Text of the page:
Earlier this month, when the public learned that fast-food giant Chick-fil-A would be sponsoring an anti-marriage equality event organized by the anti-gay Pennsylvania Family Institute, blogger Jeremy Hooper from Good As You did some digging and found that the company is also involved with the National Organization for Marriage (NOM). A few days went by, with supporters of marriage equality in an uproar – and this week the company responded with a video from president and COO Dan Cathy on the company’s Facebook page. Dan Cathy's statement from Chick-fil-A on Vimeo. This requires a little bit of clarification – see, where Dan says “marriage has long been a focus of Chick-fil-A” he apparently forgot to specify “marriage--- for some people.” And when he says the company treats every customer “with genuine hospitality," he neglected to add “…but not with genuine respect.” Chick-fil-A is sending a clear message to its customers that it will happily take your money and give it to anti-gay groups like NOM or the Pennsylvania Family Institute, whether you like it or not. Speaking as someone who was born and raised in New England, I had never even heard of Chick-fil-A until I was in my twenties. But for many people, including my friend and colleague, GLAAD Media Field Strategist Justin Ward – this is very personal.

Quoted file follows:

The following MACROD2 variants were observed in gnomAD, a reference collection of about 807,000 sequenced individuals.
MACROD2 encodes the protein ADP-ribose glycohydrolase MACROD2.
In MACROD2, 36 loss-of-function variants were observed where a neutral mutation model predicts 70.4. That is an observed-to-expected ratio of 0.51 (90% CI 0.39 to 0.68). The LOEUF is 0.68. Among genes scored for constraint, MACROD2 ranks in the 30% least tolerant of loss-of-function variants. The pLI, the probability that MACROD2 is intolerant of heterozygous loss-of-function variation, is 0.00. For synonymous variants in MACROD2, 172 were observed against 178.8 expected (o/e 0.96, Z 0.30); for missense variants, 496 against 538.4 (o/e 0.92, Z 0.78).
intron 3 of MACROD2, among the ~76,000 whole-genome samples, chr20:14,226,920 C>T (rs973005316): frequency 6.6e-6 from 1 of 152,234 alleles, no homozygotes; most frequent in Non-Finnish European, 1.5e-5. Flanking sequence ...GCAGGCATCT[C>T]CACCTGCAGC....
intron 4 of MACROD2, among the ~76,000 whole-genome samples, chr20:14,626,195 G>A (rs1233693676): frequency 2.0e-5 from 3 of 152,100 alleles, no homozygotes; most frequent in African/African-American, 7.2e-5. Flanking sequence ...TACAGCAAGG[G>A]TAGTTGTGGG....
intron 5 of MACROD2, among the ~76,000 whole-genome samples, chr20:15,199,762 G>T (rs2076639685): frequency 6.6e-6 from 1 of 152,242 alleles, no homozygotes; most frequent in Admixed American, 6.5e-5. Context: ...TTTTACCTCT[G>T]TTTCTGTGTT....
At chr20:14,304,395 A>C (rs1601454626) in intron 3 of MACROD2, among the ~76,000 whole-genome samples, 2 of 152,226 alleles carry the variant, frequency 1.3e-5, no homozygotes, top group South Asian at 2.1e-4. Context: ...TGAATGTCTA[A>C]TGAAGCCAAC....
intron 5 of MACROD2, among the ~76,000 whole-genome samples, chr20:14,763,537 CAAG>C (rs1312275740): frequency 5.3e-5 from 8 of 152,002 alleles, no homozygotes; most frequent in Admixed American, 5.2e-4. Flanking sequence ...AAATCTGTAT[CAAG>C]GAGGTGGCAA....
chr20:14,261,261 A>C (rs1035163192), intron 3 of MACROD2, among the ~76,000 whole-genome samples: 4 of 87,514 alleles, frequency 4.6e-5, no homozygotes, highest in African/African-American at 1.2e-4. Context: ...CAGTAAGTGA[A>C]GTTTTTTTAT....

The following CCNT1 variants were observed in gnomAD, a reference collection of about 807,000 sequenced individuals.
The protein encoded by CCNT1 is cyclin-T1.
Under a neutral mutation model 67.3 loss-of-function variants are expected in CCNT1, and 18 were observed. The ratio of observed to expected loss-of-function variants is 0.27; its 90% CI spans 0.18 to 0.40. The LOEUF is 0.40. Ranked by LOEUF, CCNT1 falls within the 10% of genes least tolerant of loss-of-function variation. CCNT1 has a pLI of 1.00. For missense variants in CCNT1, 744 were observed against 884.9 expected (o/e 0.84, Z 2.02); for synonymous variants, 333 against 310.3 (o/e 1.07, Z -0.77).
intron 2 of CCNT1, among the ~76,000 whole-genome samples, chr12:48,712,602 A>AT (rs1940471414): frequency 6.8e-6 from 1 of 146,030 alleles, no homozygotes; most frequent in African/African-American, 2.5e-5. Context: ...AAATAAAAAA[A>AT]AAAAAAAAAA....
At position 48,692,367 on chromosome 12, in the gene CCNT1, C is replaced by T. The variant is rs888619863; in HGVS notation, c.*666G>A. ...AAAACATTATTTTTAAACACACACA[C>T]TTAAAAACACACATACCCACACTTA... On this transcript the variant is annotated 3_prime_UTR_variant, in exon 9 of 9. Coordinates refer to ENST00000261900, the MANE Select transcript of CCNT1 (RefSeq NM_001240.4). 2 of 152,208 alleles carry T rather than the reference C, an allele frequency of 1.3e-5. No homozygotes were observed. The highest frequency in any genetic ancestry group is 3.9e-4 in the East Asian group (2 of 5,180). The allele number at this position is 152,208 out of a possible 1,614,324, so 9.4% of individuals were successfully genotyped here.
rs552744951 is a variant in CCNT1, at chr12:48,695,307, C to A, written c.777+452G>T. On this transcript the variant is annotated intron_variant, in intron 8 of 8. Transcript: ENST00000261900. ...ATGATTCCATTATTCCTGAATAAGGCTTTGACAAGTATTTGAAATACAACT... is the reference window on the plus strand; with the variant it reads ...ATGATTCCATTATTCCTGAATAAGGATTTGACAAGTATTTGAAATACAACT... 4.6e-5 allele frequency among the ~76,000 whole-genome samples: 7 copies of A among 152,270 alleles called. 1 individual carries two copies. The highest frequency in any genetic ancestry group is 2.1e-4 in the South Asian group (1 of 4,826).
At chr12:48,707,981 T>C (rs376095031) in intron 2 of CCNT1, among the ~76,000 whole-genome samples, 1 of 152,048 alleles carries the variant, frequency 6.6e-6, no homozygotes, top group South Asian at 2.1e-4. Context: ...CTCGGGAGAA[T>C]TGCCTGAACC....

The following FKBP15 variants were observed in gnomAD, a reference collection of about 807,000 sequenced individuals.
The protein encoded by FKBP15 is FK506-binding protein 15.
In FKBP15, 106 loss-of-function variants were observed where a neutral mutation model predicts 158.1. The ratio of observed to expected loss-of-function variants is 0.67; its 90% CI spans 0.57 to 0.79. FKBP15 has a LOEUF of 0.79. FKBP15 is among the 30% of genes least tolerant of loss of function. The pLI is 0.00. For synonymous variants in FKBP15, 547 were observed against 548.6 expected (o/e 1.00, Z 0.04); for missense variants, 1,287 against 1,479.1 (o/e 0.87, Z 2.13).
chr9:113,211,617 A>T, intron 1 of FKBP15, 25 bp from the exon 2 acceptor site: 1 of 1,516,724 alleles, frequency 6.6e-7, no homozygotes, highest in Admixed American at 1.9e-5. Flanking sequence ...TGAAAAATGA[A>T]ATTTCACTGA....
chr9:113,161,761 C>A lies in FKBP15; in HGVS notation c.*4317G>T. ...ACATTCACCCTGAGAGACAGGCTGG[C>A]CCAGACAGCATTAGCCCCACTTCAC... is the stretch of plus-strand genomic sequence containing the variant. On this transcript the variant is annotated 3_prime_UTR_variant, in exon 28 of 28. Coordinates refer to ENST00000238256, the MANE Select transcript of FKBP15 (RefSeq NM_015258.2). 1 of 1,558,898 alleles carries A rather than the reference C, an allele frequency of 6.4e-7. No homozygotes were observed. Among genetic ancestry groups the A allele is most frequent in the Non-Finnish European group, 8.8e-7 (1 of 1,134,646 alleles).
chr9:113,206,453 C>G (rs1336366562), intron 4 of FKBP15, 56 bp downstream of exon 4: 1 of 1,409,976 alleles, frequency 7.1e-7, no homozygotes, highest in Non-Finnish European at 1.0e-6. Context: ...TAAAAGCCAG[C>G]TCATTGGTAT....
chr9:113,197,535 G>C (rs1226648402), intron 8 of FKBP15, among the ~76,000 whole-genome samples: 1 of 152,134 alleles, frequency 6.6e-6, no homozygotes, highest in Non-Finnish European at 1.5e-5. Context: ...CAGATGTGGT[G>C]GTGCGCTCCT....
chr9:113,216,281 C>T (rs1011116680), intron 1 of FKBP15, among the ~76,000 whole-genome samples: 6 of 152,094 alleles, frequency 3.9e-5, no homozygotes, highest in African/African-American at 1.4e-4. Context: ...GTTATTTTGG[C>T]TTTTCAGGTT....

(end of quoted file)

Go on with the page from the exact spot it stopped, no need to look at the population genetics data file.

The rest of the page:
As a little boy growing up in the Bible Belt of southwest Virginia, Chick-fil-A had me at hello. So did a man named Matthew, my best friend and loving partner of nearly four years now. If only the two loves weren’t at constant odds with each other; but as we know, sometimes love ain’t easy. With all the demands of our busy lives, fast food is supposed to be easy, the drive-thru perhaps the last place on earth where a person expects to encounter an existential crisis. Incorrect order fulfillment, yes, but certainly not a slap in the face of one's greatest hopes and dreams – in my case, that I one day be able to legally marry the person I love most in this world, perhaps even provide a loving home to a child who doesn’t have one. As someone whose idea of a good time is driving the 45 minutes it takes me to get to the closest Chick-fil-A in Paramus, NJ; as someone whose mother always drives me to Chick-fil-A upon my plane landing in Virginia; and as someone who has spent the better part of 28 years loving Chick-fil-A with all my heart and trumpeting the company’s numerous good works, it’s incredibly disheartening to see Chick-fil-A making headlines for supporting organizations that work hard to maintain marriage inequality.I can only imagine how I would feel, if I learned that Town Hall Lanes in Johnston suddenly started proudly donating money to anti-gay groups. (That was my favorite bowling alley growing up – and thankfully, it’s also a supporter of Marriage Equality Rhode Island.) Chick-fil-A’s customers need to know exactly what’s happening to their money after they walk out the door or pull away from the drive-thru. That money is going right into the pockets of groups who are fighting against marriage equality. That'll leave a bad taste in a lot of people's mouths.